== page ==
Draper, S., & Brown, M. (2002). Use of the PRS (Personal Response System) handsets at Glasgow University, Interim Evaluation Report. Retrieved January 15, 2007, from

Draper, S.W., Cargill, J., & Cutts, Q. (2002). Electronically enhanced classroom interaction. Australian Journal of Educational Technology, 18(1), 13-23.

Dufresne, R. J., Gerace, W. J., Leonard, W. J., Mestre, J. P., & Wenk, L. (1996). Classtalk: A classroom communication system for active learning. Journal of Computing in Higher Education, 7(2), 3-47.

Duncan, D. (2006). Clickers: A new technology with exceptional promise. Astronomy Education Review, 5(1), 70-88.

Greer, L., & Heaney, P. J. (2004). Real-time analysis of student comprehension: An assessment of electronic student response technology in an introductory earth science course. Journal of Geoscience Education, 52(4), 345-351.

Hall, R. J., Collier, H. L.,Thomas, M. L., & Hilgers, M. G. (2005). A student response system for increasing engagement, motivation, and learning in high enrollment lectures. Proceedings of the Eleventh Americas Conference on Information Systems (pp. 1-7).Omaha, NE.

H-ITT Classroom Response System.

Hoffman, C., & Goodwin, S. (2006). A clicker for your thoughts: Technology for active learning. New Library World, 107(1228/1229), 422-433.

Judson, E., & Sawada, D. (2002). Learning from past and present: Electronic response systems in college lecture halls. Journal of Computers in Mathematics and Science Teaching, 21(2), 167-181.

Kam, C. D., & Sommer, B. (2006). Real-time polling technology in a public opinion course. PS: Political Science & Politics, 39(1), 113- 117.

Knight, J., & Wood, W. B. (2005). Teaching more by lecturing less. Cell Biology Education, 4, 298-310.

Lyman, F. (1981). The responsive classroom discussion: The inclusion of all students. In A.S. Anderson (Ed.), Mainstreaming Digest (pp. 109-113). College Park: University of Maryland.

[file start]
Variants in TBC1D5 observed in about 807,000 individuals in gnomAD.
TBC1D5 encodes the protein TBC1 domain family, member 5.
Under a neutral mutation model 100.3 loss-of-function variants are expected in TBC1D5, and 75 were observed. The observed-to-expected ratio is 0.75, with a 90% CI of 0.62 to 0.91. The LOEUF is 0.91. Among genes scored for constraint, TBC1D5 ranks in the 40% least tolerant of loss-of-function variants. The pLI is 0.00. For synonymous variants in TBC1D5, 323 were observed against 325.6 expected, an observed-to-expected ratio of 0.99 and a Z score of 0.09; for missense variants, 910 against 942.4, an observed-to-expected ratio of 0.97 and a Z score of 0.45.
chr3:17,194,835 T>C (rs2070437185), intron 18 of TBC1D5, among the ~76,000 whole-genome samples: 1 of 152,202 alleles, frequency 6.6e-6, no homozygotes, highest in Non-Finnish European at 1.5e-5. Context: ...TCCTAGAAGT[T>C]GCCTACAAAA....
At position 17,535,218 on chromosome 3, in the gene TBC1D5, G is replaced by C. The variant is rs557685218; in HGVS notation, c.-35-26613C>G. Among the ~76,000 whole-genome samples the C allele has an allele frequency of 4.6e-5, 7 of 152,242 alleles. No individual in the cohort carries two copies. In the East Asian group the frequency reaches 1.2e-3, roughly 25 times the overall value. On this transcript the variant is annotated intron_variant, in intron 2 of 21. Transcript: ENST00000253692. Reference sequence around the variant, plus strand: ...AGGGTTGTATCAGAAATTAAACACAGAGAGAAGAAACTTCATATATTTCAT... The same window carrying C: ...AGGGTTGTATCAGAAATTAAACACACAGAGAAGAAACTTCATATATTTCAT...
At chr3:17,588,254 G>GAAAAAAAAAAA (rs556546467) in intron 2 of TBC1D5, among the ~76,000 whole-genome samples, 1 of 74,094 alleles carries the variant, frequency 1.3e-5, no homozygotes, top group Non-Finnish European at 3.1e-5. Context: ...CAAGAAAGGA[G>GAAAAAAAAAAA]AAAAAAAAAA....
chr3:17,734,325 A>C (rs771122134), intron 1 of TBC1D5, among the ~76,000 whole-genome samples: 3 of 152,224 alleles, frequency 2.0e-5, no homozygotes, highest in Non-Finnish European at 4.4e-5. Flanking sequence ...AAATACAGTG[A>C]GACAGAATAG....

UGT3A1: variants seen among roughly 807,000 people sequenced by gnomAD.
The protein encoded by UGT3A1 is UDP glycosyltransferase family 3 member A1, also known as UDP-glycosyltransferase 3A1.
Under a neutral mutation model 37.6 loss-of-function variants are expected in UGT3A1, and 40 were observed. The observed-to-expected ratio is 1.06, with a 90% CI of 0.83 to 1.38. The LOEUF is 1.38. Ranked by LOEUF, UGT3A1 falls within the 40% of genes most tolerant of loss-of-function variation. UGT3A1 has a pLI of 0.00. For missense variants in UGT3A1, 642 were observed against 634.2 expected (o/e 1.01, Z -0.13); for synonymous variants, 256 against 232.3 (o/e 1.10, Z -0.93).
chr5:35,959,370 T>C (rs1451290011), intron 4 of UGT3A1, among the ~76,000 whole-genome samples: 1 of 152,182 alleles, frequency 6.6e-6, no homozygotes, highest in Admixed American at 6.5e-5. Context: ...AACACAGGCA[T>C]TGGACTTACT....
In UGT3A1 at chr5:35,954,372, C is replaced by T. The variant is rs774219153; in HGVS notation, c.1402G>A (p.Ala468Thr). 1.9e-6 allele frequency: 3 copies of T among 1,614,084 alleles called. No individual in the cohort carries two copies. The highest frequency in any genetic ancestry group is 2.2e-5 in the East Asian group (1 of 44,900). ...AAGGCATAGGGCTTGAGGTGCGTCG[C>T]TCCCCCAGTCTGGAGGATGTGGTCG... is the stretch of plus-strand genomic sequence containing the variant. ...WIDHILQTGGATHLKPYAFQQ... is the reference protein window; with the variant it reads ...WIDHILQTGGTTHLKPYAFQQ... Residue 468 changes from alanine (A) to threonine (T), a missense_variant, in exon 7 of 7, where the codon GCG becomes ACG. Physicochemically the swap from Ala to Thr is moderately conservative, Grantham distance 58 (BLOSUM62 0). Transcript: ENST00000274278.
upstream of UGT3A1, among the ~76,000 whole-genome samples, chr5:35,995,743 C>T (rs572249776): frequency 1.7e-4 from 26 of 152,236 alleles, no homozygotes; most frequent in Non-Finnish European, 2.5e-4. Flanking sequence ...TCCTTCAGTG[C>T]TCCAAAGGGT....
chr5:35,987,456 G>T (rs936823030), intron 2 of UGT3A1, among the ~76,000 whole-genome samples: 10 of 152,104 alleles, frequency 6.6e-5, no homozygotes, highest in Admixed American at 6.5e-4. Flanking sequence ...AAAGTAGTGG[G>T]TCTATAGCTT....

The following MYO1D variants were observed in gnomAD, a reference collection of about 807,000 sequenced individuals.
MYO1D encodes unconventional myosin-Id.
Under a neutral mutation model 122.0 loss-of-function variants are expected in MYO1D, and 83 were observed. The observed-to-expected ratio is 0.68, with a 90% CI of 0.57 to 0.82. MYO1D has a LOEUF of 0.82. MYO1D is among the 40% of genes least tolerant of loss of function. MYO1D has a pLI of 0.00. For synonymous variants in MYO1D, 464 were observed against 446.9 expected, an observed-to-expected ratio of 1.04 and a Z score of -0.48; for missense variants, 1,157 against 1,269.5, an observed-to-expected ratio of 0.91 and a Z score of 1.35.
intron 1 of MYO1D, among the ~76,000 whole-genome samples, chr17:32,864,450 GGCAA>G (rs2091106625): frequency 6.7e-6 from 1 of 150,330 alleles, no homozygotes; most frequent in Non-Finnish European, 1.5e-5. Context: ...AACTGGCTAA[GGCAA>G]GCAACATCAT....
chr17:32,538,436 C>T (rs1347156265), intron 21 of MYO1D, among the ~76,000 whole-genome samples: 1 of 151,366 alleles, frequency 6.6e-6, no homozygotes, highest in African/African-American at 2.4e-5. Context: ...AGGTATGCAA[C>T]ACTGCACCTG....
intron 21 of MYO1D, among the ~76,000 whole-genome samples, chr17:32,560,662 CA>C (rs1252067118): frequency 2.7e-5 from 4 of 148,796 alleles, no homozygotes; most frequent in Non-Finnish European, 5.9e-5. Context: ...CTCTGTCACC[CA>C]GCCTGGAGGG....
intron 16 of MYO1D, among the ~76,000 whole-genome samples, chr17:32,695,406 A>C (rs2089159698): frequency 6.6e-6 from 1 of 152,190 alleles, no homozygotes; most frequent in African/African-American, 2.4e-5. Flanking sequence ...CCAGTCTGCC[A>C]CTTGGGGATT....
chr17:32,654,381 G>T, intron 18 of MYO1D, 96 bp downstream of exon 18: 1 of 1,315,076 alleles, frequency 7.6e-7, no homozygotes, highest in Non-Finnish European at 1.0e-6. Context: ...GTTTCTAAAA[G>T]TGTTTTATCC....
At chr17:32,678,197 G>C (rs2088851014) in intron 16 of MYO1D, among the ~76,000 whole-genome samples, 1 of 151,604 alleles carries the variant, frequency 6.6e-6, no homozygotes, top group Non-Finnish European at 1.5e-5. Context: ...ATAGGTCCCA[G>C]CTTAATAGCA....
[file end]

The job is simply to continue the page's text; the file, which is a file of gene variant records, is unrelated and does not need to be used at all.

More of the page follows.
Mazur, E. (1993). Understanding or memorization: Are we teaching the right thing?Proceedings of the Resnick Conference on Introductory Physics Courses, Rensselaer Polytechnical Institute, Troy, NY.

Mazur, E. (1997). Peer instruction: A user's manual.Upper Saddle River, NJ: Prentice Hall.

Qwizdom Response System.

Shapiro, J. A. (1997). Student response found feasible in large science lecture hall. Journal of College Science Teaching, 26(6), 408-412.

Silliman, S. E., Abbott, K., Clark, G. C., & McWilliams, L. (2004). Observations on benefits/limitations of an audience response system. Proceedings of the 2004 American Society for Engineering Education Annual Conference & Exposition. Retrieved February 20, 2007, from

Simpson , V., & Oliver, M. (2006). Electronic voting systems for lectures then and now: A comparison of research and practice. Australasian Journal of Educational Technology. 23(2), 187-208.

Stuart, A. J., Brown, M. I., & Draper, S. W. (2004). Using an electronic voting system in logic lectures: One practitioner's application. Journal of Computer Assisted Learning, 20(2), 95-102.

Tomorrow's Professor Blog, (2006). Posting #757. Retrieved February, 2006, from

Wit, E. (2003). Who wants to be... The use of a personal response system in statistics teaching. MSOR Connections, 3(2), 14-20.

Uhari, M., Renko, M. & Soini, H. (2003). Experiences of using an interactive audience response system in lectures. BMC Medical

Zhu, E., Bierwert, C., & Bayer, K. (2006). Qwizdom Student Survey December 06. Unpublished raw data.

Zhu, E., Bierwert, C., & Bayer, K. (2007). Qwizdom Student Survey March 2007. Unpublished raw data.

Acknowledgements: Jeff Chun, a graduate student in the Center for the Study of Higher and Postsecondary Education and a CRLT Graduate Research Assistant, contributed to the literature review and the summary

of survey data.